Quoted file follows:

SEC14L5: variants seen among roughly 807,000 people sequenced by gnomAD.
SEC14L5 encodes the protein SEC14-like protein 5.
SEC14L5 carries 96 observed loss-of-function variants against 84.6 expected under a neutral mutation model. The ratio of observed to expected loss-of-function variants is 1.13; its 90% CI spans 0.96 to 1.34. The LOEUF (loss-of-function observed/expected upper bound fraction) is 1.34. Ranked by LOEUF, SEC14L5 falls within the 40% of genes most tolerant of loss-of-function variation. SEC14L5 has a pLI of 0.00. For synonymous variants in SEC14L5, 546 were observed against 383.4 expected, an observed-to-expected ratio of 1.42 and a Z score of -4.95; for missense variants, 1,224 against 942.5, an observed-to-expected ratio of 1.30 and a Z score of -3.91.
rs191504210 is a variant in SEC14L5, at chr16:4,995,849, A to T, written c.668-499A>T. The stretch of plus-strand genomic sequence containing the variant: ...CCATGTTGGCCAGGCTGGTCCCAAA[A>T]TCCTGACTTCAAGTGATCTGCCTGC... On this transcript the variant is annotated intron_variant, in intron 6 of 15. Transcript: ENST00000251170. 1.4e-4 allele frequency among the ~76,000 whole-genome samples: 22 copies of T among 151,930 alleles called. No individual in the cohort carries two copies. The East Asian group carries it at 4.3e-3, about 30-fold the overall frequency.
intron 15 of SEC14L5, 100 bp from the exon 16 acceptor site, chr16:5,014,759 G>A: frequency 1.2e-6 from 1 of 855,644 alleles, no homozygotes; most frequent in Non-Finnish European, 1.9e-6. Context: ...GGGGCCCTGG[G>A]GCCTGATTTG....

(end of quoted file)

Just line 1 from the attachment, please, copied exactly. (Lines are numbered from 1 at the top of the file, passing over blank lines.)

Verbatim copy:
SEC14L5: variants seen among roughly 807,000 people sequenced by gnomAD.